Exercise for Parkinson's Disease: Principles

H. Paul Zeiger, Ph.D. and Carolyn A. Zeiger, Ph.D.


Ten years ago exercise programs for PD were very little known. (An exception is the work of John Argue ) Today exercise is recognized by experts in the field as an essential constituent of best-practice therapy -- right from the start. (See web site for Professor Fay Horak )And programs are becoming more and more widely available.Instructors in a variety of classical disciplines: personal training, dance, Tai Chi, and yoga, to name a few, are adapting their instruction for use with PD. Research work by professional scientists from the academic world of physical therapy are measuring results and coming up with recommendations.Principles are emerging that apply across the board to whatever form of physical activity is under discussion, and such principles can be very helpful in designing your own practice. Here is an interim report on those principles. It is aimed at those recently diagnosed with PD, and their care partners and exercise professionals.

1. Start now and keep at it (several times a week)!

Exercise is like brushing your teeth -- a regular component of hygiene necessary for maintaining as much functionality as possible. It is OK to use self-discipline to get started, but in the long run it has to be fun enough and feel natural enough to continue without a stern internal overseer.That will probably mean taking advantage of a number of available resources, including doctors' prescriptions for physical therapy, specialized classes, support from friends with and without PD, books, and DVDs, and a commitment to ongoing learning.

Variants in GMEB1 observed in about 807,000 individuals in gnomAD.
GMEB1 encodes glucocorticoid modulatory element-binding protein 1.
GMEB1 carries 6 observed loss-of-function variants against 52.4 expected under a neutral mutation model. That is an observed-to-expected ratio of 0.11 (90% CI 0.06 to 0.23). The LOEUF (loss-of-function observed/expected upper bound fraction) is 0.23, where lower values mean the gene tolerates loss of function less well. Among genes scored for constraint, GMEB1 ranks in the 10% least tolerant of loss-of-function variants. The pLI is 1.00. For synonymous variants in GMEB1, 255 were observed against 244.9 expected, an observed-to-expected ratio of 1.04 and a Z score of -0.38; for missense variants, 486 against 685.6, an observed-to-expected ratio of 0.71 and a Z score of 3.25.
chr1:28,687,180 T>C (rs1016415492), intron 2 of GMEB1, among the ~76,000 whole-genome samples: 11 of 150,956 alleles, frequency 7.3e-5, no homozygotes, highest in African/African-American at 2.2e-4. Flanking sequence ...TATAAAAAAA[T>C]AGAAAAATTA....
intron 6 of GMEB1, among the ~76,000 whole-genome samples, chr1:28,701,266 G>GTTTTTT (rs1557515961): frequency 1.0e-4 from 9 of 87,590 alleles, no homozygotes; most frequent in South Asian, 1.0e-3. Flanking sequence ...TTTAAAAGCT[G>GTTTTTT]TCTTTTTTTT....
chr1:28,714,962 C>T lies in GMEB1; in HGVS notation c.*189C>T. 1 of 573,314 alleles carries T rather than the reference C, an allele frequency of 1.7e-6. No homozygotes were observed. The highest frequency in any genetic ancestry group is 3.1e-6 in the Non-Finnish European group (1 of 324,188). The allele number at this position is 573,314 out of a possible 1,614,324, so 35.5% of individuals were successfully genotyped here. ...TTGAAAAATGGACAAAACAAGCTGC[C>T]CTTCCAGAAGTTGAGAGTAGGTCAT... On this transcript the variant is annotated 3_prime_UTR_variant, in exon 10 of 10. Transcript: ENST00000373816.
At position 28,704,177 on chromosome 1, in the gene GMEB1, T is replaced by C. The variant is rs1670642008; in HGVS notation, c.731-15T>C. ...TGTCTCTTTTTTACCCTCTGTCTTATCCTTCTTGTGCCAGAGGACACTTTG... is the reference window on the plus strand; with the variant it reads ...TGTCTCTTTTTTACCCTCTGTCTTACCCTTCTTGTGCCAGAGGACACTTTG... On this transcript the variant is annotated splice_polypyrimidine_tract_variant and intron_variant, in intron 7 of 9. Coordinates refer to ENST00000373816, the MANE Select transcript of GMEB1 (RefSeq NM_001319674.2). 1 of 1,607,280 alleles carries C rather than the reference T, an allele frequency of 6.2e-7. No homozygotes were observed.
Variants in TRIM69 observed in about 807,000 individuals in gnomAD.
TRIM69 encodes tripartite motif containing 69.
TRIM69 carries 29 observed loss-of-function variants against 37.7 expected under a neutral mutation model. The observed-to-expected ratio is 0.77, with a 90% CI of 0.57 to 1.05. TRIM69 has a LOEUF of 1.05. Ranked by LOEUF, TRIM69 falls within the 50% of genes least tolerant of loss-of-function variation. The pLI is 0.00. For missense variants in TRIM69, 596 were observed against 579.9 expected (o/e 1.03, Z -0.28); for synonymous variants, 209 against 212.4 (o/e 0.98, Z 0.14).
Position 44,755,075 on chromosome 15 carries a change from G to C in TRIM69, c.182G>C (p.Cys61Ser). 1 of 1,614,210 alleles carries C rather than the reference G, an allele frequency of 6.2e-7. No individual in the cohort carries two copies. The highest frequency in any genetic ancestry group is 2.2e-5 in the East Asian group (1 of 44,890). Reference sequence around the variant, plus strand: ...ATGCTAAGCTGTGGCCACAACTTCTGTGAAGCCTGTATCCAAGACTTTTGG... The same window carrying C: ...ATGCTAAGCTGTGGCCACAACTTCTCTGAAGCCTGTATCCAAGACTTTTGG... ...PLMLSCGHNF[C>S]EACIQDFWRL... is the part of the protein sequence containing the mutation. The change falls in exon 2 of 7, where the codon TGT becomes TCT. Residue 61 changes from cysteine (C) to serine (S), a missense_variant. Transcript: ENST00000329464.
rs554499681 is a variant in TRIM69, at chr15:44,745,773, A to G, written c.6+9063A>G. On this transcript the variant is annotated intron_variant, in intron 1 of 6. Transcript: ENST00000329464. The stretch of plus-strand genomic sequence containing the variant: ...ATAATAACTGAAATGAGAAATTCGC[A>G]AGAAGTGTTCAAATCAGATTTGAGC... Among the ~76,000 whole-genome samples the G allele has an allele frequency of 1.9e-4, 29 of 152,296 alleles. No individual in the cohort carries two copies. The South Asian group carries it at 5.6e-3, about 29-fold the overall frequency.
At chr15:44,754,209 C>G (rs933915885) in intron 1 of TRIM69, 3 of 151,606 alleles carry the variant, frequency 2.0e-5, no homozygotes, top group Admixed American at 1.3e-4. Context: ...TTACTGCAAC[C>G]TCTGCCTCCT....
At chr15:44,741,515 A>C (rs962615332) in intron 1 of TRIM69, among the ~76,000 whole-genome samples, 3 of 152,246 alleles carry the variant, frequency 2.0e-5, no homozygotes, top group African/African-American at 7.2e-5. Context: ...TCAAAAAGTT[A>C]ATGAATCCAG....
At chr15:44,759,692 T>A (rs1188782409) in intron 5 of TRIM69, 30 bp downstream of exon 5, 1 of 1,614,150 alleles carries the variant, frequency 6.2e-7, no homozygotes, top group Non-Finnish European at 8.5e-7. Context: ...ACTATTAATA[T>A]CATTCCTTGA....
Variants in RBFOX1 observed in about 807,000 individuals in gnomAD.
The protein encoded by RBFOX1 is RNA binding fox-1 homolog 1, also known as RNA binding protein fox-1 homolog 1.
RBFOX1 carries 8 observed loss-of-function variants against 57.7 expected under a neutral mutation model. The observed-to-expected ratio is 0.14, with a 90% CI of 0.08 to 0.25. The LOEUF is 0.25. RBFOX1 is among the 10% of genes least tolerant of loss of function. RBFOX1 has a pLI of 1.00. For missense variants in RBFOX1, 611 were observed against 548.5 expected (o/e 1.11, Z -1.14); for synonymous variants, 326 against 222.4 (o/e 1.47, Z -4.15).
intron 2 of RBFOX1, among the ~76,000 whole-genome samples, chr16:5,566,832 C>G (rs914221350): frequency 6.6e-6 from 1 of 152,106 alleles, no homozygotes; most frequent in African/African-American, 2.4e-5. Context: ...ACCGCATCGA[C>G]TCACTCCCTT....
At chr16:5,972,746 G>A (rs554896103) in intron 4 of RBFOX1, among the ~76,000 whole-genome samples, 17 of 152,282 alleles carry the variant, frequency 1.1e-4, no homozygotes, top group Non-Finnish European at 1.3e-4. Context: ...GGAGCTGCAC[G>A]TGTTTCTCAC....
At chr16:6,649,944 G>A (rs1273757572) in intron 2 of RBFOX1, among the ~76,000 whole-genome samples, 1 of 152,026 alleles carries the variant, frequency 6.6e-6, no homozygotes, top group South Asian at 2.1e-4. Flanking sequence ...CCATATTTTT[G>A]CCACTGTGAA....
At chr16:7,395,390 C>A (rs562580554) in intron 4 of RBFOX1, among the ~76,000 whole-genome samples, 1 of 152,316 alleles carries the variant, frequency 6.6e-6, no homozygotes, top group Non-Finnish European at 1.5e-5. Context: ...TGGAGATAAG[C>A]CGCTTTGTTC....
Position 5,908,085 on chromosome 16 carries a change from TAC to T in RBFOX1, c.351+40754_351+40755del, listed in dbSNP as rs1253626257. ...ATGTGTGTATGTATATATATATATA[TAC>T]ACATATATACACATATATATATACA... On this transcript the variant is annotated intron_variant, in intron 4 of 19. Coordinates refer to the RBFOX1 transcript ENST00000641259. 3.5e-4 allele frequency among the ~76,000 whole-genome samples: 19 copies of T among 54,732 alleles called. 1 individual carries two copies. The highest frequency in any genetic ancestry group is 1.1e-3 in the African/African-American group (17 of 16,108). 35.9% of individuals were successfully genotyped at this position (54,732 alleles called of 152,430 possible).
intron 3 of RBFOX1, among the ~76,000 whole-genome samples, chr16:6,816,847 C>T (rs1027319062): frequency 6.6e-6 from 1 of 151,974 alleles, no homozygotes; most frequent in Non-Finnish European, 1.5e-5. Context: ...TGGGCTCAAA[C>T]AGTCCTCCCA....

2. Make it support the activities that you care about (which may change over time).

That means paying close attention to your activities of daily living, as well as recreation and hobbies, and observing where the PD is getting in your way. Your care partner can also be a valuable source for this information.

Lost abilities can often be relearned, frequently by doing consciously what was formerly done unconsciously. This has been shown over and over again in the areas of posture and walking. Persons shuffling along, bent over, without arm swing have regained a normal posture and gait.The price is lots of attention, lots of practice, lots of repetition.

Ask for help.Doing any kind of training solo is hard, even if you don't have a condition like PD that saps your enthusiasm and resolve. Use whatever you can find: support groups, knowledgeable physicians, physical therapists, etc.Your physician(s) may be able to help with appropriate prescription drugs to reduce not only the disorders of motion but anxiety and depression as well.Make sure that at least one of your physicians is experienced in evaluating the combined effects of everything you are prescribed.Note: Apathy is a very common early symptom.

Do not assume that anything is either possible or impossible without designing (safe) experiments for finding out. The literature is full of surprises about what people with PD can do. Your body is unique; find out for yourself (and do not consider it failure when you find things that are beyond you, that too is useful data).

3. Evolve your practice.

Regardless of what physical activities you engage in, as you improve at them, there will be opportunities to enhance them in the directions of bigger, stronger, and faster motions. Professor Becky Farley (see references) has conducted numerous experiments to demonstrate both the importance and the feasibility of making such enhancements when working against PD.Of course, balance and safety will need to be preserved.It's an important skill for exercise professionals working with PD to know how to push the envelope while preserving safety.